To circumvent the timing variations associated with shared clock system designs a source synchronous design is utilized, wherein a microprocessor shares its internal input/output (I/O) clock signal with another component. Because the sharing of an internal I/O clock among different components reduces this timing variation and increases the data transmission speed, it may be desirable to have a source synchronous clocking scheme wherein the synchronizing input/output clock signal is asserted after the output data regardless of the variable channel lengths created during the fabrication process.
A processor is described for use in a source synchronous design which utilizes identical output buffer structures to generate the data outputs and the synchronizing input/output (I/O) clock signals. Although the output buffers use the same logic circuitry, the transistor length of the driver and pre-driver transistors used to generate the I/O clock signals are created using a different mask layer width than the driver and pre-driver transistors of the data outputs. The wider mask creates a longer channel length between the source and drain region of the I/O clock signal driver and pre-driver transistors. Thus, during the fabrication process anomalies, such as heat created lateral diffusion, that randomly reduce transistor channel length will not result in a smaller channel length for the driver and pre-driver transistors of an I/O clock signal than the driver and pre-driver transistors of a data output signal.
In one embodiment, the I/O signals are generated by I/O clock generators which are coupled to a plurality of DATABUS drivers. A first I/O clock generator generates a first I/O clock signal. The first I/O clock signal is used by a receiver component to synchronize latches used to capture the first set of outputs from the first set of databus drivers. Dispersing the I/O clock generators among a group of databus drivers and creating a longer channel length for the driver and pre-driver transistors used to generate the I/O clock signals than the data output signals ensures that the I/O clock signals do not generate a synchronizing clock edge before the outputted data is asserted.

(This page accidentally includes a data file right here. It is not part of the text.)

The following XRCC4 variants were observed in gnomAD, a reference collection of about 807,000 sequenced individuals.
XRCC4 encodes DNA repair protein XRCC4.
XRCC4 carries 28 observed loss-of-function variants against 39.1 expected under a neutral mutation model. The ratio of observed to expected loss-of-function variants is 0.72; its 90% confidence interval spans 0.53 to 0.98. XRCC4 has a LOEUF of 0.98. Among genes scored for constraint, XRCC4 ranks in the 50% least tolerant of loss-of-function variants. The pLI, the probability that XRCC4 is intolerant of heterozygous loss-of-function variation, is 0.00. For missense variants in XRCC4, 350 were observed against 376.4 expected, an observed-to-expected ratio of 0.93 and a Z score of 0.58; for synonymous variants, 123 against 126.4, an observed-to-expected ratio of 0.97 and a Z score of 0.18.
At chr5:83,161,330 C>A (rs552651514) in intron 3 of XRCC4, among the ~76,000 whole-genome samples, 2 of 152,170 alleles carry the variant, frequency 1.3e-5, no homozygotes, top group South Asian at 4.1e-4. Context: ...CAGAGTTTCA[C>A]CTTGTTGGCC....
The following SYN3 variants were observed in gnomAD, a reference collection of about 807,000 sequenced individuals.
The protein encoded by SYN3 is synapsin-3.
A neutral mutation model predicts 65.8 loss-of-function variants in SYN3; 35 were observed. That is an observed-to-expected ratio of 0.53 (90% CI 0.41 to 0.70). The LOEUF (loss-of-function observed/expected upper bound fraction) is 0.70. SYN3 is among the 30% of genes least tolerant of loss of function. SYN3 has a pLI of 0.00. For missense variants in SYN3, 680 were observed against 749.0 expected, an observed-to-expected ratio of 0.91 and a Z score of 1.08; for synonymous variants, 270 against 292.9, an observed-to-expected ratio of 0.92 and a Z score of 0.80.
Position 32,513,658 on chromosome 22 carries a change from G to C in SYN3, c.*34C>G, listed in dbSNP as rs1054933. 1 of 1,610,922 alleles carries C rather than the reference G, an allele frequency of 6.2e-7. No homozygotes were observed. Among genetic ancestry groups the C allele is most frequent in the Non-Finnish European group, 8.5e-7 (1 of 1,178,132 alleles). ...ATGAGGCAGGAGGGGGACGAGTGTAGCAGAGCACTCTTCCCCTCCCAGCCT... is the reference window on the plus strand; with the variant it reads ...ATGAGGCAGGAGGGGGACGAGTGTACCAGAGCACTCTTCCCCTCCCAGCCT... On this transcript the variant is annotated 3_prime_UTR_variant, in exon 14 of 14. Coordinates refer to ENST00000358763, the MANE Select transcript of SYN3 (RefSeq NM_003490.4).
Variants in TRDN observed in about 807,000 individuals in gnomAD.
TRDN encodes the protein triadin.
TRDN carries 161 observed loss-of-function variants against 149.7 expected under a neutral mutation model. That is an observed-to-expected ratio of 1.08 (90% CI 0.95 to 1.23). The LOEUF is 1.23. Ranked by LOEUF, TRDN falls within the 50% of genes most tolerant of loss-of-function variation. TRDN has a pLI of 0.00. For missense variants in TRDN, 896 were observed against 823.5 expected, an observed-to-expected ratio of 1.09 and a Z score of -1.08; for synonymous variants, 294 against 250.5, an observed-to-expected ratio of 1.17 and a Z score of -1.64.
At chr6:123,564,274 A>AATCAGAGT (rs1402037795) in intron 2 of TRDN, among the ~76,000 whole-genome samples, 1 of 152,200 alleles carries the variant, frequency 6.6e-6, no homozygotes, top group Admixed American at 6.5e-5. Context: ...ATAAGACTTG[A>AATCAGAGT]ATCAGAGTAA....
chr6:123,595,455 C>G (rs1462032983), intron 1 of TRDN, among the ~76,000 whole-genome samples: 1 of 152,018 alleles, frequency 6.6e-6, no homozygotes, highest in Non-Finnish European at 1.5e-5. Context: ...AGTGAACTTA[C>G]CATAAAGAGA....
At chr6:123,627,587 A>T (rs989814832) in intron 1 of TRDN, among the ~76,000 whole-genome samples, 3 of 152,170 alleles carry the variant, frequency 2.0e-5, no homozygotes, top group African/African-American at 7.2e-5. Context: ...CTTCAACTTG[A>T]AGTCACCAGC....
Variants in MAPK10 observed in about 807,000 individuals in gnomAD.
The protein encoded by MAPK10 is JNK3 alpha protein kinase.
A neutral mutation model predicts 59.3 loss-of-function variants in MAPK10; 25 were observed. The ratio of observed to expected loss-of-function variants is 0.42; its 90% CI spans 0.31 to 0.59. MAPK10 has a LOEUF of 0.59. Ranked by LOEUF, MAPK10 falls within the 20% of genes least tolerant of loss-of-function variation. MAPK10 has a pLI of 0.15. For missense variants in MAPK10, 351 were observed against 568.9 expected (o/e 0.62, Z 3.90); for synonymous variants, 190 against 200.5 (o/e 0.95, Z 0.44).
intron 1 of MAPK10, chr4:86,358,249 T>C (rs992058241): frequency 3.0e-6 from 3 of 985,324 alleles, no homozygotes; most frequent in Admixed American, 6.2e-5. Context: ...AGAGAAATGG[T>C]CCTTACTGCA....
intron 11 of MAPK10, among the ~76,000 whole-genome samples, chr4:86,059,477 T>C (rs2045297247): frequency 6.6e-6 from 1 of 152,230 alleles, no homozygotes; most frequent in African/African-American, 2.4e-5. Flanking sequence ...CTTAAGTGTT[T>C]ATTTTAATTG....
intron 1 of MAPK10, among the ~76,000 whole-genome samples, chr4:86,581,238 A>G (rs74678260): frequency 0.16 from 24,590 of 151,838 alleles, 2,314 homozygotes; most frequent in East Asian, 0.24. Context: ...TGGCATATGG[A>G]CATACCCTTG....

The present invention is illustrated by way of example and not limitation in the figures of the accompanying drawing, in which like references indicate similar elements, and in which:
FIG. 1 is an illustration of a prior art implementation of a shared clock system.
FIG. 2 is an illustration of an NMOS transistor unaffected by lateral diffusion of the n-type region.
FIG. 3 is an illustration of an NMOS transistor with a channel length of LD1 and a lateral diffusion of the n-type region resulting in an effective channel length of Leff1.
FIG. 4a is an illustration of a data output driver with a pre-driver and a final driving stage.
FIG. 4b is an illustration of a I/O clock generator with a pre-driver and a final driving stage.
FIG. 5 is an illustration of one embodiment of the present invention wherein a group of data drivers are coupled to an I/O clock generator.
FIG. 6 is an illustration of another embodiment of the present invention wherein a CPU, for use in a source synchronous design utilizing the circuit of FIG. 5, generates output signals and delayed I/O clock signals.
FIGS. 7(a)-(c) is an illustration of timing diagrams showing the effect of process variations on the data and I/O clocking signals.
A source synchronous clocking scheme is described that utilizes logically identical output buffer structures to generate clock signals and data output signals. The only physical difference in the buffer structures is found in the driver and pre-driver transistors of the I/O clock output buffers wherein a different mask geometry is used to create a slightly longer channel length. The longer channel length ensures that process variations do not create an effective channel length (Leff) wherein the Leff of the I/O clock buffers is less than the Leff of the output buffers. The larger Leff for the I/O clock buffers results in a slower transition time for the I/O clock signals than the data signals during the charging/discharging of identical capacitance. This is shown by the following well-known equations that govern the charge/discharge currents of metal-oxide-semiconductors (MOS): ##EQU1## Because the drain to source current (Ids) of the I/O clock buffer is less than the Ids current of the output data buffers the data signals are valid before the clocking signal.
FIG. 7 illustrates variations between data signals and I/O clocking signals caused by variations in the Leff. It should be noted that the hashed regions of the Data clocking signals illustrated in FIG. 7 depict regions where the data is unstable and the unhashed regions depict where the data is more stable. In FIG. 7(a) no process variation exists, thus the transition points A to B, C to D, and E to F occur simultaneously. In this clocking scheme the clock signals are exactly synchronized with the data signals. The rising edge of the I/O clock will cause the receiver to latch the data at the most stable point. The latching I/O clock transitions B', D' and F' occur while the data is most stable.